Point-of-Sale (PoS) terminals have become an attractive target for hackers over the past year, reflected in the increasing number of RAM-scraping programs that steal payment card information from the memory of such systems.
Last month security researchers from Cisco Systems issued a warning about a new PoS threat dubbed PoSeidon and on Wednesday security blogger Brian Krebs reported that the program has already infected PoS terminals at restaurants, bars and hotels in the U.S.
Security researchers from Trustwave now warn that during a recent investigation with the U.S. Secret Service, they've uncovered yet another RAM-scraping PoS threat they've named Punkey.
This new malicious program, that has at least three variants, is very similar to another family of PoS malware known as NewPosThings. The similarities suggest the two families are based on the same source code, but Punkey has enough differences to make it unique.
Punkey has versions for both 32-bit and 64-bit Windows-based PoS terminals and in addition to stealing payment card data while it's being processed, it also installs a keylogger to capture what employees type on such systems.
The malware injects itself into the Windows explorer.exe process and creates registry start-up entries to ensure its persistence. It also drops a file called DLLx64.dll which is the keylogger component.
All payment card details and keystrokes captured by the malware are first encrypted with AES (Advanced Encryption Standard) and are then sent back to a command-and-control (C&C) server.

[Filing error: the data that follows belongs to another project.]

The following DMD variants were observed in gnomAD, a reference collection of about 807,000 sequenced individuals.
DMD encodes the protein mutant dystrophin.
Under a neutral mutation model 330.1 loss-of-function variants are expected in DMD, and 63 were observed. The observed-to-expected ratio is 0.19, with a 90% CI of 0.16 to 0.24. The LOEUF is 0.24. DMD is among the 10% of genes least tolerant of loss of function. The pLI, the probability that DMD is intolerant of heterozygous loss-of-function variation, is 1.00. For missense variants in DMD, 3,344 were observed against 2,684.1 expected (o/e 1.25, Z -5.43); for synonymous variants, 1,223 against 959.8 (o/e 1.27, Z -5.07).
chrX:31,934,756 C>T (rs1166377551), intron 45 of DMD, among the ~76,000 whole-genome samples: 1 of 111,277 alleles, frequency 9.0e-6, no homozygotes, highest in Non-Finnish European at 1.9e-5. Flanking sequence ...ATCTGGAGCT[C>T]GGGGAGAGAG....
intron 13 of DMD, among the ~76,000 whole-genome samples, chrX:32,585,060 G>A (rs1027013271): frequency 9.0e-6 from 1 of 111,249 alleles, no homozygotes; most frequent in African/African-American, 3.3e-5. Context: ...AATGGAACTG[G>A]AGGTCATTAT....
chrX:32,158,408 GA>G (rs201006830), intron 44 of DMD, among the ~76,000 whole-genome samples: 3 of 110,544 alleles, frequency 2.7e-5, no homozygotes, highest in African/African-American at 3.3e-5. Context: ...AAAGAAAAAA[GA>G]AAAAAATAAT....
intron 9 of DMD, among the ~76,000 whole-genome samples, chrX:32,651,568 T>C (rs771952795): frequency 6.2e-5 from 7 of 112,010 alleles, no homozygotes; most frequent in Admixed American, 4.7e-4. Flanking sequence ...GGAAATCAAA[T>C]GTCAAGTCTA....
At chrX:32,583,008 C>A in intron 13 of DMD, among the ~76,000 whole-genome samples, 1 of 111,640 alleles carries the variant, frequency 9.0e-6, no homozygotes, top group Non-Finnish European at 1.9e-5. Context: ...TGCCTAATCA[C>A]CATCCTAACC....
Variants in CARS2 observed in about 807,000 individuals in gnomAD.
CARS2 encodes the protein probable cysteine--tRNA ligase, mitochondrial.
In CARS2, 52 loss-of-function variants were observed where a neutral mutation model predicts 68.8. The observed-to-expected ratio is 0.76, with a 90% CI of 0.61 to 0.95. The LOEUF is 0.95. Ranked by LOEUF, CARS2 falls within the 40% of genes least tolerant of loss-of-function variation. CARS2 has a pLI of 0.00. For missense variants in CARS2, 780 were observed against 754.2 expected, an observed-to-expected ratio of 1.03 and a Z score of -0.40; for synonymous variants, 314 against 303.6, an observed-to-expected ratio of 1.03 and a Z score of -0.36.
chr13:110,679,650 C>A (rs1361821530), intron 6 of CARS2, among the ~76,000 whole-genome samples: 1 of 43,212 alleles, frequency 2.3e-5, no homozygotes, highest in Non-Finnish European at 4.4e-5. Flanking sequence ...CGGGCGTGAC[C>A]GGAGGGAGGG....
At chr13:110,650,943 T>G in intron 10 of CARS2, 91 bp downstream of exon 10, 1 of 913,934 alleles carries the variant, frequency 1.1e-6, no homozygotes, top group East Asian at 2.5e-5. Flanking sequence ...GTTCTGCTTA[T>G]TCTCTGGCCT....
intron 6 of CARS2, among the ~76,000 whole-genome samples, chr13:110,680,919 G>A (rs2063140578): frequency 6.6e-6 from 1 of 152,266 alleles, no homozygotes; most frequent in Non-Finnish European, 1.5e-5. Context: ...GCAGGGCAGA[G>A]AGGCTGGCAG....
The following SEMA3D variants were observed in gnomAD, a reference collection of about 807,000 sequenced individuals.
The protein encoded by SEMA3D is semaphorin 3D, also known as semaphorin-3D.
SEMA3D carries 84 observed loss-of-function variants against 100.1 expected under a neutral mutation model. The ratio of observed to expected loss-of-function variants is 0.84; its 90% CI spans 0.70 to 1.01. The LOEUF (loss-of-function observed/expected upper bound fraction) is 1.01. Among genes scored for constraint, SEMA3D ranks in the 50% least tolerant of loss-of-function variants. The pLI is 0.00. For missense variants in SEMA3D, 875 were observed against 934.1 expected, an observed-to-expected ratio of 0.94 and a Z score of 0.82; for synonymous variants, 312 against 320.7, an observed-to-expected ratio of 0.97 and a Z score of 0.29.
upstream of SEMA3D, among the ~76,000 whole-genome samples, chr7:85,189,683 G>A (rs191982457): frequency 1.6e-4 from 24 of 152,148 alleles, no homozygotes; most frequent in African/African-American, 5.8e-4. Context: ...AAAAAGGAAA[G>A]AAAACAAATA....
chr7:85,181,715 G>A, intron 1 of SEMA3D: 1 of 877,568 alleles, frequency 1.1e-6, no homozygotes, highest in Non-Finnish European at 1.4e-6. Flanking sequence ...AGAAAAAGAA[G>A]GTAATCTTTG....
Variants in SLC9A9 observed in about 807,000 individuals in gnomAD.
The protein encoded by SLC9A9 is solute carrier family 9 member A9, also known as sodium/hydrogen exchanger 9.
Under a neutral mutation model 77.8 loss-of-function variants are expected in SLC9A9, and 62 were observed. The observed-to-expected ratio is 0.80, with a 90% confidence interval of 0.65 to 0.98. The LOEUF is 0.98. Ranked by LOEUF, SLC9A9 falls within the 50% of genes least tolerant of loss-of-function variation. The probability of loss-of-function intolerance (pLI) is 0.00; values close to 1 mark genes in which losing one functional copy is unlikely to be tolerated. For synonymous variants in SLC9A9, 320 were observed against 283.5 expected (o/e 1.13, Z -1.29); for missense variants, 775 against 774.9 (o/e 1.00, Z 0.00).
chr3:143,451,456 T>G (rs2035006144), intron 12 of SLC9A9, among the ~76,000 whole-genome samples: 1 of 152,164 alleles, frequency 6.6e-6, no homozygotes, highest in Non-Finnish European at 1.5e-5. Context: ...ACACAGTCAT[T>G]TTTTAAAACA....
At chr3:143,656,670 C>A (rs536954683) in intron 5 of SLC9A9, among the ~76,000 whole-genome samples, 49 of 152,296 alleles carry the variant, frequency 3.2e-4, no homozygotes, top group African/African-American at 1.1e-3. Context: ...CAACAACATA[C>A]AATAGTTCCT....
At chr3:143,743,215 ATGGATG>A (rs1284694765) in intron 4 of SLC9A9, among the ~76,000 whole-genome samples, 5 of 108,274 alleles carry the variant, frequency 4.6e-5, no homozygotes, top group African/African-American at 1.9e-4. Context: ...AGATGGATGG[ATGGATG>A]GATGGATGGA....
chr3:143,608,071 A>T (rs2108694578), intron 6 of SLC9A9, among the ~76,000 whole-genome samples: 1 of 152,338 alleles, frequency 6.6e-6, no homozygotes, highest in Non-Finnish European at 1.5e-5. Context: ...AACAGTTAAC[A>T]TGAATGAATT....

The malware can also download and execute other malicious files, including updates for itself.
"This gives Punkey the ability to run additional tools on the system such as executing additional reconnaissance tools or performing privilege escalation," the Trustwave researchers said in a blog post. "This is a rare feature for POS malware."
Trustwave created a tool that can decrypt Punkey traffic and published it on GitHub. This could help PoS terminal owners identify Punkey traffic on their networks.
In its annual Data Breach Investigations Report released this week, Verizon Enterprise Solutions noted a significant increase in the number of PoS RAM scraping attacks. In fact, PoS intrusions were one of the top three causes for confirmed data breaches last year according to the company.
The trend appears to have continued this year. Between PoSeidon last month and Punkey now, malware researchers also found other PoS malware threats: new variants of NewPosThings and a program called FighterPOS that infected over 100 organizations in Brazil.
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